Congress enacted the Bituminous
Coal Conservation Act (also known as
the Guffey Coal Act). The
Act regulated prices, minimum wages, maximum hours, and "fair
practices" of the coal industry.
Although compliance was
voluntary, tax refunds were established as incentives to abide by the regulations.
Congress felt they had the
authority to regulate this activity based on the Interstate Commerce
Carter, a stockholder, brought
suit against his own company in an attempt to keep it from paying the tax
The US Supreme Court found the
Bituminous Coal Conservation Act
The US Supreme Court found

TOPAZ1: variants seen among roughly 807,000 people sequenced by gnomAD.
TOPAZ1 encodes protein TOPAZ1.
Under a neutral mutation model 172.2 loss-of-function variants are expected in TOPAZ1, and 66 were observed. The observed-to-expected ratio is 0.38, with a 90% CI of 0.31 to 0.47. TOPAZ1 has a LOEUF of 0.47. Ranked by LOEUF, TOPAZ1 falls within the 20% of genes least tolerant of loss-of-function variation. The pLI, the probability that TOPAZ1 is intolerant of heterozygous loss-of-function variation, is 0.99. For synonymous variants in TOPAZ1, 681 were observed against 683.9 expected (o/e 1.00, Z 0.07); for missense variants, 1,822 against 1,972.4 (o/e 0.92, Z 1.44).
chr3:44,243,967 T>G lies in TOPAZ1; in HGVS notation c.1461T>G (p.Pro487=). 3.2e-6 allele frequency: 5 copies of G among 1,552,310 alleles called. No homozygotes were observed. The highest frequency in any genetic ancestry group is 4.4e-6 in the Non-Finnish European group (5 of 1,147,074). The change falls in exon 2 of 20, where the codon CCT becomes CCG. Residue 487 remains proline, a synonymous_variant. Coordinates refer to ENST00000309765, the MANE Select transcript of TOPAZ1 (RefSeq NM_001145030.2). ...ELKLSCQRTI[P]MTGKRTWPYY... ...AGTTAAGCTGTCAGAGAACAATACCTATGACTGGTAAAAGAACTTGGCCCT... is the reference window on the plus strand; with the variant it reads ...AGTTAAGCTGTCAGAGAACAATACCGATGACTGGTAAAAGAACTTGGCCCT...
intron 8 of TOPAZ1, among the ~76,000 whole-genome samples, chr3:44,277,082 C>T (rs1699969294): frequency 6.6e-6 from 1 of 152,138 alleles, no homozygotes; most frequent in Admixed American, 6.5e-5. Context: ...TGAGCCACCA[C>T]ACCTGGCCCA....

that the Act could not be justified under the Interstate Commerce
The Court found that
"commerce" is plainly distinct from "production."
Employing workers, setting wages and working hours, and mining coal were
found to be part of the local process of production, separate from any
trade of goods that could be regulated under the Interstate Commerce
In a dissent it was argued
that, "everything which moves in interstate commerce has had a local
origin. Without local production somewhere, interstate commerce would
This case is the other side of
commerce from A.L.A. Schechter Poultry Corp. v United States (295 U.S. 495 (1935)). In that case, it was
decided where interstate commerce ends, while this case decides where
interstate commerce begins.